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Alaska to Africa, carrots are loved everywhere. Heck, it's no surprise.
Carrots are nutritional heroes and they easily adapt to recipes. Plus,
as a garden crop, carrots are right up there with tomatoes, corn, and
But growing carrots takes time and patience, which puts some gardeners
over the edge. Not to worry. Here are some growing tips, recipes and fun
history and folklore to help you appreciate--and maybe rediscover--this
It's easy to see why carrots are such champions. They have more carotene
than any fruit or vegetable. (Carotene is what the body converts to vitamin
A). And carrots are an excellent source of vitamins B, C, D, E and K,
as well as calcium pectate. Calcium pectate is an extraordinary pectin
fiber that has cholesterol-lowering properties.
have a colorful past
Red, black yellow, white, purple, green--these were the colors that carrots
started out with. Everything but orange. Carrots were first cultivated
in Afghanistan in the 7th century, and they started with yellow flesh
and a purple exterior. They first carrots weren't even cultivated as a
food crop. They were grown as medicine.
Time passed, and the fascination with carrots continued. Finally, in
the 1600's, the Dutch developed the orange carrot. But it was the French
horticulturist, Vilmorin-Andrieux, who took the
stubby, Dutch carrot and improved it even more. Working with the common
wildflower Queen Anne's lace, he cultivated and selected plants over a
4-year period, finally producing a thick, elongated, bright orange root.
Somewhere along the line, the carrot traveled to England. During that
time, they were coveted for their tops, and no well-dressed English woman
would be seen without lacy carrot leaves decorating her hair. In the kitchen,
carrot juice was used to improved the color of churned butter. Carrots
finally made it to the New World, no doubt by boat, thanks to the English.
to grow and enjoy Bugs Bunny's favorite food
I've collected a variety of tips--some you know, and some will be new.
Let's go out to the garden...
- Keep it cool, man
- As a root crop that thrives in cool conditions, it's best to sow
carrots early in the spring in temperate climates, or in the fall or
winter in sub-tropical areas. Carrots are a biennial plant, which means
that it completes its life cycle in two years. During the first year,
it stores food (the root) to prepare for what it will need to produce
flowers and seeds in the second year. Alas, carrots don't get to experience
the second year very often because we harvest them before they reach
California dubs itself "The Carrot Capital of the World."
- The long and short of it
- Along with different colors, carrots come in a variety of shapes.
There are golf ball carrots (Thumbelina) and the squatty Chantenays,
which are good for containers and heavy soils. Incidentally, short carrots
mature faster, which makes them ideal for young gardeners.
Now I won't pretend to be familiar with every carrot variety. In the
past few years, dozens of new carrots have been introduced. Below, I've
listed a few sources that provide an terrific assortment of sizes, shapes,
and colors, as well as storage and juicing characteristics. Grow more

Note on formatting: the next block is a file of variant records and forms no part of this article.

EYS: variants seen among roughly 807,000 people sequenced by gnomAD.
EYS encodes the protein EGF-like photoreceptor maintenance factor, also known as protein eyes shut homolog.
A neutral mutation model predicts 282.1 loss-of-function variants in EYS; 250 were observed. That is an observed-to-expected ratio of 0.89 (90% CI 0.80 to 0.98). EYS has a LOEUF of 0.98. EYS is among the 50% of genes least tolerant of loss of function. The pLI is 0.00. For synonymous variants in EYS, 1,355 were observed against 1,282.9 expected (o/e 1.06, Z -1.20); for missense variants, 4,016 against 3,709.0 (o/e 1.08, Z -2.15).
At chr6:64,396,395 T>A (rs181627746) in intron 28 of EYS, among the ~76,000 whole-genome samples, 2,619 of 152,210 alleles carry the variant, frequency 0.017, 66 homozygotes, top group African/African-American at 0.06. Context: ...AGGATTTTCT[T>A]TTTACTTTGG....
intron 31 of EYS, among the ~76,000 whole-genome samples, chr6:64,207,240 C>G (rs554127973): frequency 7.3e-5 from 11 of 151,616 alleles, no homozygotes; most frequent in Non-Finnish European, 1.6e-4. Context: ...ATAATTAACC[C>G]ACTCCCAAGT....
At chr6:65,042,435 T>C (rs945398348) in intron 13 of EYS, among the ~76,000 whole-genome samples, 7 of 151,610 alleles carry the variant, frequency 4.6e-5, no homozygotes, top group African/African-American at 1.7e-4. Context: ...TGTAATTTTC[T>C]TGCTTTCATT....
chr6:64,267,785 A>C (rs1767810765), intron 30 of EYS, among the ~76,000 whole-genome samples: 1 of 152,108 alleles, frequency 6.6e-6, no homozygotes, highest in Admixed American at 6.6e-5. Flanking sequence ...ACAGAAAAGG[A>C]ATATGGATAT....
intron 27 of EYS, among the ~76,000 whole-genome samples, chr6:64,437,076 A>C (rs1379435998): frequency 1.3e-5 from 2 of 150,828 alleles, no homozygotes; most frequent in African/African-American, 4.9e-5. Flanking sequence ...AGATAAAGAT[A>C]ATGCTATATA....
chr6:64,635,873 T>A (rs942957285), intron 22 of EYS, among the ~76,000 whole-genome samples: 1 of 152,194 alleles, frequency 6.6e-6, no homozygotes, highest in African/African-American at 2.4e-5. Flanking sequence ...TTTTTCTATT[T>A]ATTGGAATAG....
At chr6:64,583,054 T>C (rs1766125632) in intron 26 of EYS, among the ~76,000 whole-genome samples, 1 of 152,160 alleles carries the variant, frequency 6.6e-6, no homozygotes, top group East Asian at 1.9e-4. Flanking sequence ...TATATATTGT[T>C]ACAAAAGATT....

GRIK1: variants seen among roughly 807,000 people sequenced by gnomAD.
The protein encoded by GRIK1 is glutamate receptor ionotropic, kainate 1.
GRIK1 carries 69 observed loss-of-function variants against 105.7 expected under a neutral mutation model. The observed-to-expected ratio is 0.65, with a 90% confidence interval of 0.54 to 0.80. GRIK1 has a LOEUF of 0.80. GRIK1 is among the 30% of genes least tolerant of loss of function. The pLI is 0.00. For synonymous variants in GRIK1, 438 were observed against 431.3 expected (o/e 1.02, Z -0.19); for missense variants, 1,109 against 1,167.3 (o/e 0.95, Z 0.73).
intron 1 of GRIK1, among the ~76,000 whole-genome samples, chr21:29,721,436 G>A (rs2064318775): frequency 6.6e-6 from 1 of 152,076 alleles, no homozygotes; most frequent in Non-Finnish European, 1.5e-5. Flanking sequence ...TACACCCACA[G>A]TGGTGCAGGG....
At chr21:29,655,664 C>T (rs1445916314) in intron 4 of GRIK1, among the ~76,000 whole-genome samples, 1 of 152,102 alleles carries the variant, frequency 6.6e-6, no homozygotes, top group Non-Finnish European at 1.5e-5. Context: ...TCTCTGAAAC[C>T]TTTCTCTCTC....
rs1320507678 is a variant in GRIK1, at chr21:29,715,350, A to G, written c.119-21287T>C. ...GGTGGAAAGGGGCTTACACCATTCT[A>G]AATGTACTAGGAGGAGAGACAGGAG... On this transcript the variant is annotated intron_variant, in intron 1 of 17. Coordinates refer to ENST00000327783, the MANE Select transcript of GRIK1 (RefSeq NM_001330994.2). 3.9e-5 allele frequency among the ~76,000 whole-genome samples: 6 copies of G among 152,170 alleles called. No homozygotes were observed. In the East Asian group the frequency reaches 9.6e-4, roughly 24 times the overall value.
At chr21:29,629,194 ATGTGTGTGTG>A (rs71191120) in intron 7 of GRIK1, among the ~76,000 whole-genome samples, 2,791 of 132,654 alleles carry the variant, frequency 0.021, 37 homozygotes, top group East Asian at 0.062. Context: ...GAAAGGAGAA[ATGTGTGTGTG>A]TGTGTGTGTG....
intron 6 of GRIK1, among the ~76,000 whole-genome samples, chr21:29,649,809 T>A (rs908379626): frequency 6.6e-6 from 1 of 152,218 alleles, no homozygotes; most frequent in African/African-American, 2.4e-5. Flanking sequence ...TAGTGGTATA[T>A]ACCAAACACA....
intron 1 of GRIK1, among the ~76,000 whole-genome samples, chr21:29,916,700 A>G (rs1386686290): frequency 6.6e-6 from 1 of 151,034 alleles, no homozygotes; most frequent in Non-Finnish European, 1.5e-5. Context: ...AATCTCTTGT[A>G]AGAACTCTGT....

than one variety to see which one performs best in your garden. Meanwhile,
the old standbys such as Nantes, Imperator and Danvers, and Danvers
Half Longs are suitable for most soils. If you're after color, Danvers
Half Long and Royal Chantenay are bright orange, while Scarlet Nantes
and Blaze (an Imperator) are deep orange, almost red.
- A stone's throw
- Carrots love any good garden soil. Loose, deep, rock-free soil with
good moisture-holding capacity is what you need. Also, raised beds are
a natural for raising carrots. Oh, and as you might have guessed, the
fewer the rocks, the better. If you're beseiged with rocks, start by
removing the biggest ones. Then, turn in plenty of well-aged manure,
compost, shredded leaves, seaweed, sand, peat moss--whatever's available
to fluff up your soil. Break up any stubborn clumps.
- Sowing made simple
- Carrot seeds are so small, a teaspoon holds 2,000 seeds. Most instructions
will tell you to sow six seeds per inch, but that's easier said than
done. To make life easier, empty the seeds onto a sheet of paper. Pinch
it along one side to form a creased wedge. Then just tap out the seeds.
Or, you can sow pelletized seed or seed tapes, which are strips of paper
with the seeds spaced at regular intervals. The tape eventually dissolves,
leaving the seed.
TO MAKE YOUR OWN LIQUID SEED TAPE
You can make your own liquid seed tape with water and cornstarch:
To one cup of lukewarm water, stir in cornstarch one teaspoon
at a time until the mixture resembles Cream of Rice--before
it cools to rubber. Add your carrot seeds and fill a clean,
plastic shampoo bottle with the mixture. Now you just sque-e-eze
out lines of seeds!
- Cover, sprinkle with water, and enjoy the wait
- After sowing your seeds, cover them with a 1/4-inch layer of loose
soil. I prefer sifted garden soil or a commercial potting soil. Gently
water to keep soil evenly moist. If the soil dries out and forms a crust,
thoroughly remoisten the soil over a couple days, being careful not
to flood them. Keep the soil moist (you may have to water daily) and
be patient--carrots can take up to three weeks to germinate. TIP: If
you can't remember where you planted your carrot seeds, mix a few quick-growing
radish seeds with your carrot seeds. The radishes will germinate first
and mark the rows for you.
- Thinning is beautiful
- Thinning carrots is a tedious chore. Singing passes the time, but
it doesn't ease the back pain. Ask for help. Kids are fascinated by